Traveller issues monkey rabies warning

Busselton resident Karen Sheppard received a rabies vaccine after being bitten on the hand by a monkey in Bali.

A Busselton woman who had to have a precautionary rabies vaccine after being bitten by a monkey in Bali has sent a warning to travellers.

Karen Sheppard was holidaying in Bali this month when she decided to visit a monkey forest with her daughter as a birthday treat.

She said it wasn't pleasant, with monkeys jumping on the visitors and being aggressive.

A monkey bit her on the back of the hand and punctured her skin, but initially she was not too concerned.

"I took an alcohol wipe and put iodine on it when I got home," she said.

"I actually spoke to one of the members of staff and I asked if they had any diseases and he said 'No, you're fine'."

Mrs Sheppard arrived home four days later and confided in a friend who had studied tropical diseases, who advised her to seek medical attention.

It was then she found out she had a small chance of contracting rabies from the bite.

"First of all I rang the health line and he said 'you need to go to hospital or a doctor within an hour; and then I panicked," she said. "It's really low-risk but because it's fatal it's one of those things."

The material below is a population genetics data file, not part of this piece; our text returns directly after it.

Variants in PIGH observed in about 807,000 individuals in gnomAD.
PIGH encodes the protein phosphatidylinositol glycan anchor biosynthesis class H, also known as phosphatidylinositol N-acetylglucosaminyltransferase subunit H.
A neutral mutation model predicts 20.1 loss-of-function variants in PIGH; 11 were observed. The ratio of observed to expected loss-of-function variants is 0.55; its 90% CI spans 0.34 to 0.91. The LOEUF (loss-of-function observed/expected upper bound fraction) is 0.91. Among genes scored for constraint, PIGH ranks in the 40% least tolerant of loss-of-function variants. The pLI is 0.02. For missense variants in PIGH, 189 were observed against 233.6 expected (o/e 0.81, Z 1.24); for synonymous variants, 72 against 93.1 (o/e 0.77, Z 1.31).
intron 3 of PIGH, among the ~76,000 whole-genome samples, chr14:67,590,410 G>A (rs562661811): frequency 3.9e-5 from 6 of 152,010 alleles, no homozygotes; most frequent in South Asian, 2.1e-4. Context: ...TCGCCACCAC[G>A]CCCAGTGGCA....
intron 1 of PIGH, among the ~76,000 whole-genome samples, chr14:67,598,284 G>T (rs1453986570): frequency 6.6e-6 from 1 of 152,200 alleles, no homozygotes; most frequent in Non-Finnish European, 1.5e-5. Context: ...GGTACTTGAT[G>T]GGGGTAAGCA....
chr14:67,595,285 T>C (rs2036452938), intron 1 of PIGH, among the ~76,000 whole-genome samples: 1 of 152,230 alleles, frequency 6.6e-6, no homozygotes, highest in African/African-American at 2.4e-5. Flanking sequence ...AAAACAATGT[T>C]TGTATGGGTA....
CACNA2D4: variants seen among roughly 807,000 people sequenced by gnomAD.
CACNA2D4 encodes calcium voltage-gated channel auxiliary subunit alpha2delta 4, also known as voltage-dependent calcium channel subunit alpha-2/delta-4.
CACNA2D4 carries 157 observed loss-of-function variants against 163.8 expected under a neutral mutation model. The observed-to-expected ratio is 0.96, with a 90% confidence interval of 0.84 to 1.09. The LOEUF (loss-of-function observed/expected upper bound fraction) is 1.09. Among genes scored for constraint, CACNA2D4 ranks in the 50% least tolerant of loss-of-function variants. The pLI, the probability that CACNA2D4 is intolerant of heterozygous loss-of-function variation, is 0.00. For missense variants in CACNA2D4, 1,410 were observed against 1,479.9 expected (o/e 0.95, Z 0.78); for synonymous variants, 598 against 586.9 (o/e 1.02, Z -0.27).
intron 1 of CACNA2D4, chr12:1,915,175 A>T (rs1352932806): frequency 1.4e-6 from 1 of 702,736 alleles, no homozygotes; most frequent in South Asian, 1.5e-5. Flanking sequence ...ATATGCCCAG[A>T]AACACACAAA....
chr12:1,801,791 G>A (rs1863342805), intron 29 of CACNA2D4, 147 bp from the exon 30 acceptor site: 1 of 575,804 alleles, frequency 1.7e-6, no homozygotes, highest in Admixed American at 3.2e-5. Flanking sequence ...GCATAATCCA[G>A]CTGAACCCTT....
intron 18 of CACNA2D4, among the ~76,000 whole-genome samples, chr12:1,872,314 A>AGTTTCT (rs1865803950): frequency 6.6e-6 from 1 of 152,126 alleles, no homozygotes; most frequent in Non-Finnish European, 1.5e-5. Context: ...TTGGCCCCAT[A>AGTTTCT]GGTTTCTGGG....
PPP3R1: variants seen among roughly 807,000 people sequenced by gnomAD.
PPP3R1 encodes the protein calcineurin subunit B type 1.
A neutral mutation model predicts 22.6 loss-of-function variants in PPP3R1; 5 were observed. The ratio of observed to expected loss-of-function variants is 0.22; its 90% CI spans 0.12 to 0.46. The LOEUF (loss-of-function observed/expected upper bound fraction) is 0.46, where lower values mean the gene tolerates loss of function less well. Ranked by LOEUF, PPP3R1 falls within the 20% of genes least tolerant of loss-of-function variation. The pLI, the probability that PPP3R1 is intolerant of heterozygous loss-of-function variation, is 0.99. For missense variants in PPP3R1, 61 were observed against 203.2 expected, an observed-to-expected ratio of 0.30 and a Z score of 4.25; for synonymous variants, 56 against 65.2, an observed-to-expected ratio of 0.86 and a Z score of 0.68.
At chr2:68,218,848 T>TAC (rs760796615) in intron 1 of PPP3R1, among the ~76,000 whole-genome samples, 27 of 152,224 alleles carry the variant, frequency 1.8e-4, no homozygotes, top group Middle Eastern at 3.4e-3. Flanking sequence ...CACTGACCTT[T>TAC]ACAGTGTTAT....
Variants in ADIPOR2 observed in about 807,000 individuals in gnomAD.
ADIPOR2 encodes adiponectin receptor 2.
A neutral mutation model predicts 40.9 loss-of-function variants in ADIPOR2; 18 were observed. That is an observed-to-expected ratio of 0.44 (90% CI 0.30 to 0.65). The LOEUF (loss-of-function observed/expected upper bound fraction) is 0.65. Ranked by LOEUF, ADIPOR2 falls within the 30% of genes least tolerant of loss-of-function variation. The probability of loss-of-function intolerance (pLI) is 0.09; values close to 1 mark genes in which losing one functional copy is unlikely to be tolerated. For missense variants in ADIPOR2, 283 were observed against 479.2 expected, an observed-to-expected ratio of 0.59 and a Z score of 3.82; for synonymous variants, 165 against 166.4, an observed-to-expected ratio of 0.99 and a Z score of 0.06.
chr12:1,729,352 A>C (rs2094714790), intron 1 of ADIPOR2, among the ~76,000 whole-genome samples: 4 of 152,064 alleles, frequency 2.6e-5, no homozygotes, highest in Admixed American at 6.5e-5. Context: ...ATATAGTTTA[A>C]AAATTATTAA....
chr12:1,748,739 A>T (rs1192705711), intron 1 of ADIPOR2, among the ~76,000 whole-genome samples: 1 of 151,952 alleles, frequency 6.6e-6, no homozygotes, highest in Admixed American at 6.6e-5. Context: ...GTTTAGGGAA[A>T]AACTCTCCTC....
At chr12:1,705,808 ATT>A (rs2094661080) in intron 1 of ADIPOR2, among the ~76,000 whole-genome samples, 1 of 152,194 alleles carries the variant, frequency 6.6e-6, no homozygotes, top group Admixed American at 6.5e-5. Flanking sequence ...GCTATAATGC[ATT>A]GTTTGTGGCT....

Mrs Sheppard had her first of five vaccinations on Wednesday and said it was quite painful.

She said she did not want to deter people from visiting Bali, but would hate for someone else to go through the same experience, especially a child.

"Rabies is rare and this was just a precautionary measure but I want to raise awareness," she said.

WA Country Health Service South West physician Naru Pal said monkey bites were quite common. "WACHS South West provides post-exposure prophylaxis for one to two persons a month for monkey bites in Bali," he said.

"Travellers are advised to avoid close contact with monkeys and other wild or domestic terrestrial mammals, including dogs and cats."

Dr Pal said if bitten or scratched by a monkey, travellers should immediately wash the wound thoroughly with soap and water for at least five minutes, apply an antiseptic and seek medical attention.

Doctors can contact the South West Public Health Unit on 9781 2350 for advice.